Apple promises its new Scrollmotion feature will make buying and reading e-books easier than ever before. But according to the technological watchdogs at GravitationalPull.net, this relative ease comes at a substantially higher price -- higher than even Amazon's controversial Kindle costs.
Every day there are new reports of neighborhood bookstores closing. So many, in fact, that I barely stop to read the articles anymore. But when you see a piece about a bookstore shutting its doors after it's been in business for 113 years, it sorta stops you dead. (Moment of silence.) Now back to our regularly scheduled bullsh*t.
Over 1,000 teachers have signed a petition asking Scholastic to tone down the number of toys offered in its Book Club catalogs in favor of...um, well, books. The teachers say that one third of the items sold in Scholastic's 2008 elementary and middle-school catalogs were either "not books or books packaged with other non-book items." They also requested that Scholastic replace its bestselling '#1 Teacher' coffee mug with the more usable, more realistic, 'Underpaid, Under Funded, Under Appreciated' shot glass set.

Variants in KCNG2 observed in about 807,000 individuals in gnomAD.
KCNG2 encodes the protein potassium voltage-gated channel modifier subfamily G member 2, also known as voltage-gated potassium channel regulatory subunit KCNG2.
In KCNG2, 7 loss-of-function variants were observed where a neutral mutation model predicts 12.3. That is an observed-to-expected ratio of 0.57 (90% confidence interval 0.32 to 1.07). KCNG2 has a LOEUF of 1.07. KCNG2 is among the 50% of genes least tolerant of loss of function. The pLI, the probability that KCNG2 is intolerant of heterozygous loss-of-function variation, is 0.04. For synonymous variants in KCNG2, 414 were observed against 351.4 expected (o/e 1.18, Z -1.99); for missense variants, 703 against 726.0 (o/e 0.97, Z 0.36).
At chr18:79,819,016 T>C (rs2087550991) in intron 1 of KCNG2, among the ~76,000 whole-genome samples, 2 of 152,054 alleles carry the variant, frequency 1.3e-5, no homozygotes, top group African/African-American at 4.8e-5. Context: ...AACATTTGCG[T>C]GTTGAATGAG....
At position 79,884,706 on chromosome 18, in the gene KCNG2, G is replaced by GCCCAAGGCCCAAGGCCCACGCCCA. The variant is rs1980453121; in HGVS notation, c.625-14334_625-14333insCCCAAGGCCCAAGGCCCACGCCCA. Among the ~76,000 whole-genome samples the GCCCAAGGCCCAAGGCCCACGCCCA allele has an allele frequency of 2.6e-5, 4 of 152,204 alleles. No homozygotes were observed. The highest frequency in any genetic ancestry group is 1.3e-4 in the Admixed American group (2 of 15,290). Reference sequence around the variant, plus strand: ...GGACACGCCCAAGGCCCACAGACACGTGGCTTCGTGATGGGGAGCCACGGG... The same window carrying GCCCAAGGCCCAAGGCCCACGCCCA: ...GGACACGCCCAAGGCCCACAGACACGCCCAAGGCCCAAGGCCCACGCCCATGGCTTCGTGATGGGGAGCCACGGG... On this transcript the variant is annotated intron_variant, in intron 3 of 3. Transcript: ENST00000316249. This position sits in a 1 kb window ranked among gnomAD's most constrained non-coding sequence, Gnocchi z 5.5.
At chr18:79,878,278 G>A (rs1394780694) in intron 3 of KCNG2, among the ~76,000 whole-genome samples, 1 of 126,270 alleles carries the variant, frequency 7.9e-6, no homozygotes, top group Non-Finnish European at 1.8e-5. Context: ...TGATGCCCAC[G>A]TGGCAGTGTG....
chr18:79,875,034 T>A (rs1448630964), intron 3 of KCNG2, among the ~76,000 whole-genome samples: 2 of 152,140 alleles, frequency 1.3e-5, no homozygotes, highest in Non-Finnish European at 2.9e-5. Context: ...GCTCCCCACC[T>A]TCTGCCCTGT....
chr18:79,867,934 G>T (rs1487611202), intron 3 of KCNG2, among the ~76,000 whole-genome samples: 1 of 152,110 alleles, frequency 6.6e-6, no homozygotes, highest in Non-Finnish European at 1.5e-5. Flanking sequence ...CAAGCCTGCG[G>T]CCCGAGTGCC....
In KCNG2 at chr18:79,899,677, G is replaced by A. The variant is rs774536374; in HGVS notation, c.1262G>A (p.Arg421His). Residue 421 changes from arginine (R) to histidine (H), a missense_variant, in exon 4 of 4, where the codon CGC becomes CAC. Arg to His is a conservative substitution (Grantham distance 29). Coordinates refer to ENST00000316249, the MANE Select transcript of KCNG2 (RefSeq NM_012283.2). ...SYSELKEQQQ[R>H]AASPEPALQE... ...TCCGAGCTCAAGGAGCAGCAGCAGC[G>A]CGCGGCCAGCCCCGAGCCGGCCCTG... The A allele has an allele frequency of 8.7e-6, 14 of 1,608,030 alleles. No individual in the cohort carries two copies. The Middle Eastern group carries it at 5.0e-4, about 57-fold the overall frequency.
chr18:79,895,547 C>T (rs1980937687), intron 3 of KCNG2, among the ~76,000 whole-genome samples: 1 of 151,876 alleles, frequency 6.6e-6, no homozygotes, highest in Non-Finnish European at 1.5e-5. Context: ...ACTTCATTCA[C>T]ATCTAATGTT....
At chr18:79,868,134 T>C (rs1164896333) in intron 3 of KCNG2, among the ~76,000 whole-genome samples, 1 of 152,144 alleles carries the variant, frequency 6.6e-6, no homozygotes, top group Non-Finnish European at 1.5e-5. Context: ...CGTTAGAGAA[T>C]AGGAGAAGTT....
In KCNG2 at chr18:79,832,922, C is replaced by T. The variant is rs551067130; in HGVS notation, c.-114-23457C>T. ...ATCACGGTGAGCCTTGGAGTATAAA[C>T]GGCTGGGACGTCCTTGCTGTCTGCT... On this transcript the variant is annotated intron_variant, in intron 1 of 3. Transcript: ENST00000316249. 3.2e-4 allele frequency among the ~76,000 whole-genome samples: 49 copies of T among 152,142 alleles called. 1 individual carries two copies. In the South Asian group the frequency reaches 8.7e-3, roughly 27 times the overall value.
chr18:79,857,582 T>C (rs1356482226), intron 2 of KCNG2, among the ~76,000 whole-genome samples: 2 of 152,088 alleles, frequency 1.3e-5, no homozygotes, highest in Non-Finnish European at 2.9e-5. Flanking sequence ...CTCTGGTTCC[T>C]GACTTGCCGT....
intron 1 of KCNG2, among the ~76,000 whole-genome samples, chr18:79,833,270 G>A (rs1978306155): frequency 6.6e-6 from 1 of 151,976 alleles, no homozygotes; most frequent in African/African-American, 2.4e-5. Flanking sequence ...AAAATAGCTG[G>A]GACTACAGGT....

Tuesday, June 9, 2009
You want a guaranteed bump in hits for your bookstore's blog? Take a major comic book company to task for their artistic take on strong females. I suspected as much when I was assembling last week's Covert Art Cavalcade, but I've gotta admit, I was expecting a wholly different reaction. I'd assumed that our comments section was going to be inundated with irate fans of teen T&A, but with the exception of one comment on our LiveJournal page, literally every response* focused on a fact-checking error I'd made. (I'd mistakenly claimed Supergirl: Cosmic Adventures was being canceled, when, in fact, it was always intended to be a limited series.) Hell, even that one comment on our LiveJournal wasn't defending the content of the cover art. It was introducing the "cheesecake" concept to the conversation, and asking whether or not those covers fit into it. To quote:
I think you're overreacting to those covers a bit. Cheesecake is a comic art staple, always has been and always will be, more or less. This is true of beefcake, also, which can be seen as just as demeaning to males as cheese is to females.
The important questions about cake are, in no particular order:
1. How good is it, as art?
2. Does it cross the porn line, wherever that might lie for the audience you're aiming at?
3. Does it add or detract from the story?